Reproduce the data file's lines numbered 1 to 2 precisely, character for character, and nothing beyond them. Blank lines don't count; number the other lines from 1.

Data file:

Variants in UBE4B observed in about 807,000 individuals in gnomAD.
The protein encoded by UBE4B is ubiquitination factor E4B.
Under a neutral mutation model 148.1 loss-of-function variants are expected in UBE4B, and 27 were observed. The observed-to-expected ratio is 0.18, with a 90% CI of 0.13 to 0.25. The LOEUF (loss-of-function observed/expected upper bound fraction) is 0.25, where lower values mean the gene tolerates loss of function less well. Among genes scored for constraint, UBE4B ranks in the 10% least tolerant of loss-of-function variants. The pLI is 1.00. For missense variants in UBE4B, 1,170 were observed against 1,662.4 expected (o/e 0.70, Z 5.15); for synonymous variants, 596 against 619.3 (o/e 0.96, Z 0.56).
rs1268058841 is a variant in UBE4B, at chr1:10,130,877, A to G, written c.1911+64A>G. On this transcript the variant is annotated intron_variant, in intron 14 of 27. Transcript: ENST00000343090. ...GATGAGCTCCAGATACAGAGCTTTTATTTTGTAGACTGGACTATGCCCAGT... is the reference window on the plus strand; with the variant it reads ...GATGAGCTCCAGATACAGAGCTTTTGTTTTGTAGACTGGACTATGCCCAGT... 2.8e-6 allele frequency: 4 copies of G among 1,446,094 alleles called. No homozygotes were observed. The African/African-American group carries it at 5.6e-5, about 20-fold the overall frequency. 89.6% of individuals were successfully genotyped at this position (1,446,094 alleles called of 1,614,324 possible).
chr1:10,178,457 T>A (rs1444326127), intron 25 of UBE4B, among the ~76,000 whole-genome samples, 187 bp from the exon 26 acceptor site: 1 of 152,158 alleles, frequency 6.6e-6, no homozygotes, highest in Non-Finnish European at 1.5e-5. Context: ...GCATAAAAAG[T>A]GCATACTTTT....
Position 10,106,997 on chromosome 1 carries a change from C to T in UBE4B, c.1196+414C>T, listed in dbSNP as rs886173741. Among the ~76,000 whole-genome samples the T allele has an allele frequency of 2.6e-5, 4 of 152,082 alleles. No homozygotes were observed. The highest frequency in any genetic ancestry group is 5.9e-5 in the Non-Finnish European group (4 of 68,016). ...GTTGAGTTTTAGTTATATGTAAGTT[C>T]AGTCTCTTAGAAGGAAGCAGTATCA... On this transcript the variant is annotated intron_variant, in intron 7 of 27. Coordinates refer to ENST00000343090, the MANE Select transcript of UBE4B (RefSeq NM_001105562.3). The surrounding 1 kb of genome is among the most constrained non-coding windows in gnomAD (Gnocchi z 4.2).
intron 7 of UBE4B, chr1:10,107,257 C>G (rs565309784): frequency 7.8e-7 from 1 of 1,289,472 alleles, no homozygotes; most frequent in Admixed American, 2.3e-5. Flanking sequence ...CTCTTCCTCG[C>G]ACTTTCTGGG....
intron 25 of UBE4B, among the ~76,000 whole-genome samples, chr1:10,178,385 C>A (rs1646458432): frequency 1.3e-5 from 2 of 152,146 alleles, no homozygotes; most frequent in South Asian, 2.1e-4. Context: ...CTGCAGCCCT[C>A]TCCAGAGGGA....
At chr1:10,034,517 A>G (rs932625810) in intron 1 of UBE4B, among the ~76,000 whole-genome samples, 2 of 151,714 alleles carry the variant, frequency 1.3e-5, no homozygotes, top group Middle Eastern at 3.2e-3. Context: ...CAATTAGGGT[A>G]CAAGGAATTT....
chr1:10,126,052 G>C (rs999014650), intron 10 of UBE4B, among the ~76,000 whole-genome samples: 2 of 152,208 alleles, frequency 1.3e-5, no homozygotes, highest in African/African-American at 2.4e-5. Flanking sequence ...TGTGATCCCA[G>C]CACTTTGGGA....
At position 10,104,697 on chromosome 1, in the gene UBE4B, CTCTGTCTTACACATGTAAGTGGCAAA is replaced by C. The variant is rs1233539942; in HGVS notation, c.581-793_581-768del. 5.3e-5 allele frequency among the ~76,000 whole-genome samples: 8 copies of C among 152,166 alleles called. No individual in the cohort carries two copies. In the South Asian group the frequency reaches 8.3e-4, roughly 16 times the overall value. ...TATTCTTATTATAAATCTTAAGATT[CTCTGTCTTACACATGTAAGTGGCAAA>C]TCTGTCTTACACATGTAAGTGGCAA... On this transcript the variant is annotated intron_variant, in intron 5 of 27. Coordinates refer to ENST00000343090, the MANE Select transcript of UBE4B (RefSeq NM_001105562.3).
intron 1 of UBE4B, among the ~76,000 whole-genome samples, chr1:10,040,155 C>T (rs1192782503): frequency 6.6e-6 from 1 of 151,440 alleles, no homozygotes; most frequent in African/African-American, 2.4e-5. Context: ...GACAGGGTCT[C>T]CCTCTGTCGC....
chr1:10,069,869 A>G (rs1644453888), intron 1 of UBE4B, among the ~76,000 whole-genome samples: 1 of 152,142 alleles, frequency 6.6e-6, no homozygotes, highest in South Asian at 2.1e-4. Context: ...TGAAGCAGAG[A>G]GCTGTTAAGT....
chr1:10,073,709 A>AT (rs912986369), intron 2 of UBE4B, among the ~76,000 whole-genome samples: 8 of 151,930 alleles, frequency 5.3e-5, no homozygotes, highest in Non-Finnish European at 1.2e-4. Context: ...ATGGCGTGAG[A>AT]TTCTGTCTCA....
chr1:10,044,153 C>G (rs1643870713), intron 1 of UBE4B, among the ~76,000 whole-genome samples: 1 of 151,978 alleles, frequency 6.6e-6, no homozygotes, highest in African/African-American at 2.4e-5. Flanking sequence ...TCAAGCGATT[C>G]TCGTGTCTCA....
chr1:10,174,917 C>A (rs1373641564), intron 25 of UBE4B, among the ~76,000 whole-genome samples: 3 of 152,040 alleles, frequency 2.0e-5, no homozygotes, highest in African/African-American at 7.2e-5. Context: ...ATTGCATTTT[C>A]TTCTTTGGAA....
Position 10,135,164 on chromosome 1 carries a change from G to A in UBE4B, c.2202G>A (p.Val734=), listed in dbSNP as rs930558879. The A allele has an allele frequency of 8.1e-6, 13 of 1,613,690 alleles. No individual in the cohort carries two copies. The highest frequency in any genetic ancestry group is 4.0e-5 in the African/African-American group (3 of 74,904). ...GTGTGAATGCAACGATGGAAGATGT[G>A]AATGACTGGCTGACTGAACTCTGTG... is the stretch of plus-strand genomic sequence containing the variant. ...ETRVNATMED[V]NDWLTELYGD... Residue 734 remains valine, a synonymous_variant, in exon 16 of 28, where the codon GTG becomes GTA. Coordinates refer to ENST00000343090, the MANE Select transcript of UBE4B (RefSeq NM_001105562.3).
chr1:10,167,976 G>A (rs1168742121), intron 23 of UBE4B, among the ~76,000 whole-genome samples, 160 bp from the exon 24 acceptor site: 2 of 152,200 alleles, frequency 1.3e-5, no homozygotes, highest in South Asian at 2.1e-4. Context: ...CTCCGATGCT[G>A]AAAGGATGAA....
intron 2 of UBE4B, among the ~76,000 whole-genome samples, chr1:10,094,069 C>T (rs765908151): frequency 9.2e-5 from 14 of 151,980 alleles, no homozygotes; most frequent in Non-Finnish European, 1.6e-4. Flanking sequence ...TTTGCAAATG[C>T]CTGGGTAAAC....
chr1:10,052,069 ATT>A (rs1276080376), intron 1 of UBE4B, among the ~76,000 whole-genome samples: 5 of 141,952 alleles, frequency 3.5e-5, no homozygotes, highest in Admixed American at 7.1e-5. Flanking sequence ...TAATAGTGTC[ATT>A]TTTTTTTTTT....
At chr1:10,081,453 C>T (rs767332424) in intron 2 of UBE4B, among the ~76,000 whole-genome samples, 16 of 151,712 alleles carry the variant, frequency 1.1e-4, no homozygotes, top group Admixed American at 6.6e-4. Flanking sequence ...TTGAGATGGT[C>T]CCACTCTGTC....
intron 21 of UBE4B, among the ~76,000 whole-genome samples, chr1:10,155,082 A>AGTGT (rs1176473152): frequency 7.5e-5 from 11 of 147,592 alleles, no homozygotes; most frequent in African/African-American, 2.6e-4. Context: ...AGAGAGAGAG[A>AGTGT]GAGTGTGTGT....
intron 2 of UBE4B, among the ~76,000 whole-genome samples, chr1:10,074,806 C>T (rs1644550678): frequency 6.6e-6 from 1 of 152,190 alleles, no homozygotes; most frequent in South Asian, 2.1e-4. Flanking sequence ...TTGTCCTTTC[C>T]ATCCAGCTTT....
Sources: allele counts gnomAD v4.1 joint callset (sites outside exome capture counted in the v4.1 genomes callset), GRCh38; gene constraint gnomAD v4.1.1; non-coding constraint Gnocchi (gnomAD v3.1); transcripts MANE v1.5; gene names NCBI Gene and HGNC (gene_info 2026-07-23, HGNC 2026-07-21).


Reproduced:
Variants in UBE4B observed in about 807,000 individuals in gnomAD.
The protein encoded by UBE4B is ubiquitination factor E4B.